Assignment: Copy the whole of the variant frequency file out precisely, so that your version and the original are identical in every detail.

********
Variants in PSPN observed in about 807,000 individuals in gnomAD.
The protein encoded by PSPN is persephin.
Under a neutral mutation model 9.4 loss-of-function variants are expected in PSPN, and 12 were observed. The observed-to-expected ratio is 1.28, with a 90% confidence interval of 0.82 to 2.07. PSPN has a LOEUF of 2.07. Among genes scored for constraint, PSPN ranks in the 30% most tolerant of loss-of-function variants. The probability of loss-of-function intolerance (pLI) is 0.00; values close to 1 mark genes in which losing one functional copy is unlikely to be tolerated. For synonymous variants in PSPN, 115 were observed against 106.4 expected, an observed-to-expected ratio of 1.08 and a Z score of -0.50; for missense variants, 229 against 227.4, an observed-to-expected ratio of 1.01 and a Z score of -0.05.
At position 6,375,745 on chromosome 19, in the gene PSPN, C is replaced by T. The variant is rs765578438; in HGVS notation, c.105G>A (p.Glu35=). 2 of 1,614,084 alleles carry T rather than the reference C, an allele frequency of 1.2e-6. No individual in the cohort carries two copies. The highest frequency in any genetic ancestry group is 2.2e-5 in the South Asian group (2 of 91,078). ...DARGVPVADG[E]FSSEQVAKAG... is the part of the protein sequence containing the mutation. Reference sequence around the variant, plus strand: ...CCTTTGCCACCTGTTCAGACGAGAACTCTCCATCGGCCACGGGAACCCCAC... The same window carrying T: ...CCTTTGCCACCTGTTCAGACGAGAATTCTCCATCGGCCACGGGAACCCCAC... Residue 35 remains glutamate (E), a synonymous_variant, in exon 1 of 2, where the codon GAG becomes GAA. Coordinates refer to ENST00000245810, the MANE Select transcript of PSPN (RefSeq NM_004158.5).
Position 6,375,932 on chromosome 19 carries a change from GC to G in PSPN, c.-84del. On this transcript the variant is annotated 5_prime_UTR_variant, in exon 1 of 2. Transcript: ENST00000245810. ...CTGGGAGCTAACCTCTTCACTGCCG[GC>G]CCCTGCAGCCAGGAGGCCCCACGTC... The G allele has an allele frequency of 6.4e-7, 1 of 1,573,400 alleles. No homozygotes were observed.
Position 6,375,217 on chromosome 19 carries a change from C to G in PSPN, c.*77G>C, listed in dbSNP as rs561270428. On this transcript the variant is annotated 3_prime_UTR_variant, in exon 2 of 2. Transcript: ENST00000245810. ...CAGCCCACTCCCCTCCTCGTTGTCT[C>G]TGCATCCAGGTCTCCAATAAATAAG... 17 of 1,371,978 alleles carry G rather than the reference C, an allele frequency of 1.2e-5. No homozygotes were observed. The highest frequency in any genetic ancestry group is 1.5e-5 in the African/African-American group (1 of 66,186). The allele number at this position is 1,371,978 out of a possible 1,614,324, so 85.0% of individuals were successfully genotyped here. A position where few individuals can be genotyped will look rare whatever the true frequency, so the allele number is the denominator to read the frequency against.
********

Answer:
Variants in PSPN observed in about 807,000 individuals in gnomAD.
The protein encoded by PSPN is persephin.
Under a neutral mutation model 9.4 loss-of-function variants are expected in PSPN, and 12 were observed. The observed-to-expected ratio is 1.28, with a 90% confidence interval of 0.82 to 2.07. PSPN has a LOEUF of 2.07. Among genes scored for constraint, PSPN ranks in the 30% most tolerant of loss-of-function variants. The probability of loss-of-function intolerance (pLI) is 0.00; values close to 1 mark genes in which losing one functional copy is unlikely to be tolerated. For synonymous variants in PSPN, 115 were observed against 106.4 expected, an observed-to-expected ratio of 1.08 and a Z score of -0.50; for missense variants, 229 against 227.4, an observed-to-expected ratio of 1.01 and a Z score of -0.05.
At position 6,375,745 on chromosome 19, in the gene PSPN, C is replaced by T. The variant is rs765578438; in HGVS notation, c.105G>A (p.Glu35=). 2 of 1,614,084 alleles carry T rather than the reference C, an allele frequency of 1.2e-6. No individual in the cohort carries two copies. The highest frequency in any genetic ancestry group is 2.2e-5 in the South Asian group (2 of 91,078). ...DARGVPVADG[E]FSSEQVAKAG... is the part of the protein sequence containing the mutation. Reference sequence around the variant, plus strand: ...CCTTTGCCACCTGTTCAGACGAGAACTCTCCATCGGCCACGGGAACCCCAC... The same window carrying T: ...CCTTTGCCACCTGTTCAGACGAGAATTCTCCATCGGCCACGGGAACCCCAC... Residue 35 remains glutamate (E), a synonymous_variant, in exon 1 of 2, where the codon GAG becomes GAA. Coordinates refer to ENST00000245810, the MANE Select transcript of PSPN (RefSeq NM_004158.5).
Position 6,375,932 on chromosome 19 carries a change from GC to G in PSPN, c.-84del. On this transcript the variant is annotated 5_prime_UTR_variant, in exon 1 of 2. Transcript: ENST00000245810. ...CTGGGAGCTAACCTCTTCACTGCCG[GC>G]CCCTGCAGCCAGGAGGCCCCACGTC... The G allele has an allele frequency of 6.4e-7, 1 of 1,573,400 alleles. No homozygotes were observed.
Position 6,375,217 on chromosome 19 carries a change from C to G in PSPN, c.*77G>C, listed in dbSNP as rs561270428. On this transcript the variant is annotated 3_prime_UTR_variant, in exon 2 of 2. Transcript: ENST00000245810. ...CAGCCCACTCCCCTCCTCGTTGTCT[C>G]TGCATCCAGGTCTCCAATAAATAAG... 17 of 1,371,978 alleles carry G rather than the reference C, an allele frequency of 1.2e-5. No homozygotes were observed. The highest frequency in any genetic ancestry group is 1.5e-5 in the African/African-American group (1 of 66,186). The allele number at this position is 1,371,978 out of a possible 1,614,324, so 85.0% of individuals were successfully genotyped here. A position where few individuals can be genotyped will look rare whatever the true frequency, so the allele number is the denominator to read the frequency against.